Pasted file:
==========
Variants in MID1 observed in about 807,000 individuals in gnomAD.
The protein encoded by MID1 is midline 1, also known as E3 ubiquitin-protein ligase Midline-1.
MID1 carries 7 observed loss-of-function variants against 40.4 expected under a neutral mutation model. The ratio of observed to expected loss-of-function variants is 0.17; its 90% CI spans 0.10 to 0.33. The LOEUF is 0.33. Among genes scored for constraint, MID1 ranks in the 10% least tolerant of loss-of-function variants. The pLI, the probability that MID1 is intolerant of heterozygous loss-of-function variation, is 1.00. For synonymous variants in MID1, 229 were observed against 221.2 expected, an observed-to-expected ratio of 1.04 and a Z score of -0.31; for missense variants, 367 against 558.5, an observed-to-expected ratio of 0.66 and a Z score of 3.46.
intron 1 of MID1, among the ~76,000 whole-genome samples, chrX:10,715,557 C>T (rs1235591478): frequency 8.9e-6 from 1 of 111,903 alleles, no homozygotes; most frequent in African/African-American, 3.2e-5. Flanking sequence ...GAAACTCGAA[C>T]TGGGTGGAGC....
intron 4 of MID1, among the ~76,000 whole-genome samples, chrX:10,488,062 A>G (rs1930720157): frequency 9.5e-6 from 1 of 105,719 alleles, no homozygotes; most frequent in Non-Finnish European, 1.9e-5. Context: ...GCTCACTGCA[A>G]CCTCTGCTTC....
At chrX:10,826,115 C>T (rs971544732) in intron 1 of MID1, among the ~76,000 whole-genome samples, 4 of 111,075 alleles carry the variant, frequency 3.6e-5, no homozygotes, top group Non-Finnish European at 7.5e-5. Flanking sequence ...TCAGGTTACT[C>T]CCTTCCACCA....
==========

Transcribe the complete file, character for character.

Variants in MID1 observed in about 807,000 individuals in gnomAD.
The protein encoded by MID1 is midline 1, also known as E3 ubiquitin-protein ligase Midline-1.
MID1 carries 7 observed loss-of-function variants against 40.4 expected under a neutral mutation model. The ratio of observed to expected loss-of-function variants is 0.17; its 90% CI spans 0.10 to 0.33. The LOEUF is 0.33. Among genes scored for constraint, MID1 ranks in the 10% least tolerant of loss-of-function variants. The pLI, the probability that MID1 is intolerant of heterozygous loss-of-function variation, is 1.00. For synonymous variants in MID1, 229 were observed against 221.2 expected, an observed-to-expected ratio of 1.04 and a Z score of -0.31; for missense variants, 367 against 558.5, an observed-to-expected ratio of 0.66 and a Z score of 3.46.
intron 1 of MID1, among the ~76,000 whole-genome samples, chrX:10,715,557 C>T (rs1235591478): frequency 8.9e-6 from 1 of 111,903 alleles, no homozygotes; most frequent in African/African-American, 3.2e-5. Flanking sequence ...GAAACTCGAA[C>T]TGGGTGGAGC....
intron 4 of MID1, among the ~76,000 whole-genome samples, chrX:10,488,062 A>G (rs1930720157): frequency 9.5e-6 from 1 of 105,719 alleles, no homozygotes; most frequent in Non-Finnish European, 1.9e-5. Context: ...GCTCACTGCA[A>G]CCTCTGCTTC....
At chrX:10,826,115 C>T (rs971544732) in intron 1 of MID1, among the ~76,000 whole-genome samples, 4 of 111,075 alleles carry the variant, frequency 3.6e-5, no homozygotes, top group Non-Finnish European at 7.5e-5. Flanking sequence ...TCAGGTTACT[C>T]CCTTCCACCA....